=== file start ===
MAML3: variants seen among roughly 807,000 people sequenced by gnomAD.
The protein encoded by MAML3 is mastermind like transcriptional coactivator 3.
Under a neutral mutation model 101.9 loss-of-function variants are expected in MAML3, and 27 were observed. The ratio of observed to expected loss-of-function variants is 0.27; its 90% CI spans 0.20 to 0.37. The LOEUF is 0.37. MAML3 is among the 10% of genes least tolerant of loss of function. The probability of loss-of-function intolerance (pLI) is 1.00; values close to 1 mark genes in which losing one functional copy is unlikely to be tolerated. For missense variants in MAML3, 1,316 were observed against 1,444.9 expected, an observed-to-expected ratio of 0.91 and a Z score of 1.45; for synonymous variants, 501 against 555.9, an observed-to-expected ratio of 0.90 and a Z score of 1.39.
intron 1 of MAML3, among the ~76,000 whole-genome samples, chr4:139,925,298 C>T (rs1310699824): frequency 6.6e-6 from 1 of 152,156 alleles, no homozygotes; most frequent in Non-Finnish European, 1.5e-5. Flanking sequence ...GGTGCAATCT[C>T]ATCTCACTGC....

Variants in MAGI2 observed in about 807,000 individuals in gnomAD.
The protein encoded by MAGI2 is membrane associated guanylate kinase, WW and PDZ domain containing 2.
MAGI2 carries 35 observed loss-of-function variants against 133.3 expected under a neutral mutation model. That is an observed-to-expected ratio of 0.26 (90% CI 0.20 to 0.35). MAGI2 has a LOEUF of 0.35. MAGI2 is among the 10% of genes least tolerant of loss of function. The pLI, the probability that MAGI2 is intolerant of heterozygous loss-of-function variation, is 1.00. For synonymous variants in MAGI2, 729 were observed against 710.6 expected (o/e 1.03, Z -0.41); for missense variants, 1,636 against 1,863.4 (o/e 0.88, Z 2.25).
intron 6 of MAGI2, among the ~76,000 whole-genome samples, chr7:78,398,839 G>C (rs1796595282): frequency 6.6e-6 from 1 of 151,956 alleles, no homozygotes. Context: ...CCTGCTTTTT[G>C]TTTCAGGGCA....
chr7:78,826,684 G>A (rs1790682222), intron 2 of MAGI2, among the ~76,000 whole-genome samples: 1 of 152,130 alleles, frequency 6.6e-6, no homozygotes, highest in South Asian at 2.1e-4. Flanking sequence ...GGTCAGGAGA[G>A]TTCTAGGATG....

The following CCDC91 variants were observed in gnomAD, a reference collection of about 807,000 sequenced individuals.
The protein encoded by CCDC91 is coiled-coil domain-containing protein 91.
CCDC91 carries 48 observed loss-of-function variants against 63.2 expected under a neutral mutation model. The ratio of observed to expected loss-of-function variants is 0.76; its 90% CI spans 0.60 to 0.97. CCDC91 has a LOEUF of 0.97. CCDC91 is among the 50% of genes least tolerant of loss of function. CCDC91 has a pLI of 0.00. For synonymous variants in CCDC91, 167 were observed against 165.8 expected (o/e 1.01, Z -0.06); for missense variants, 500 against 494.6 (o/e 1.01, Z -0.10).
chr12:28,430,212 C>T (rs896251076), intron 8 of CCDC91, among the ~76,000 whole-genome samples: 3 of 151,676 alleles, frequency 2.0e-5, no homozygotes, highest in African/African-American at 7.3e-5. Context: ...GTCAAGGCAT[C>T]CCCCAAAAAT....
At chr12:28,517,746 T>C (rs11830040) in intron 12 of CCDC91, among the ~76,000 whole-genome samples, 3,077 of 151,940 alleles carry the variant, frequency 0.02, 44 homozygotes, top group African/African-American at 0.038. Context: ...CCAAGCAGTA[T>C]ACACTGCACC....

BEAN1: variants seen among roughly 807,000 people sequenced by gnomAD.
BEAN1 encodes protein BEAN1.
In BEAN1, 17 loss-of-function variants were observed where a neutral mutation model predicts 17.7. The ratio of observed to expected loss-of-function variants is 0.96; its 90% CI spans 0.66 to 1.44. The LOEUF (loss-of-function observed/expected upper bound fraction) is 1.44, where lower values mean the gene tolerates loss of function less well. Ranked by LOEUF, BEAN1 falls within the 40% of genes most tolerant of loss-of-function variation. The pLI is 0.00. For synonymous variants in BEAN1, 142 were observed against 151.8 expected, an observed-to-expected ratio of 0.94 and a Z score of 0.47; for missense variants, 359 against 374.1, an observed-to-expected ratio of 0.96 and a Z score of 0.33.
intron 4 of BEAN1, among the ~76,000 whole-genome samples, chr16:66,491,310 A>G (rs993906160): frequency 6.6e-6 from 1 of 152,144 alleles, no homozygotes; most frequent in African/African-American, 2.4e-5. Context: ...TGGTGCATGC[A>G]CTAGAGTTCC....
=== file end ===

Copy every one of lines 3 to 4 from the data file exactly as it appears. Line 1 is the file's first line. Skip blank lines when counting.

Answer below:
Under a neutral mutation model 101.9 loss-of-function variants are expected in MAML3, and 27 were observed. The ratio of observed to expected loss-of-function variants is 0.27; its 90% CI spans 0.20 to 0.37. The LOEUF is 0.37. MAML3 is among the 10% of genes least tolerant of loss of function. The probability of loss-of-function intolerance (pLI) is 1.00; values close to 1 mark genes in which losing one functional copy is unlikely to be tolerated. For missense variants in MAML3, 1,316 were observed against 1,444.9 expected, an observed-to-expected ratio of 0.91 and a Z score of 1.45; for synonymous variants, 501 against 555.9, an observed-to-expected ratio of 0.90 and a Z score of 1.39.
intron 1 of MAML3, among the ~76,000 whole-genome samples, chr4:139,925,298 C>T (rs1310699824): frequency 6.6e-6 from 1 of 152,156 alleles, no homozygotes; most frequent in Non-Finnish European, 1.5e-5. Flanking sequence ...GGTGCAATCT[C>T]ATCTCACTGC....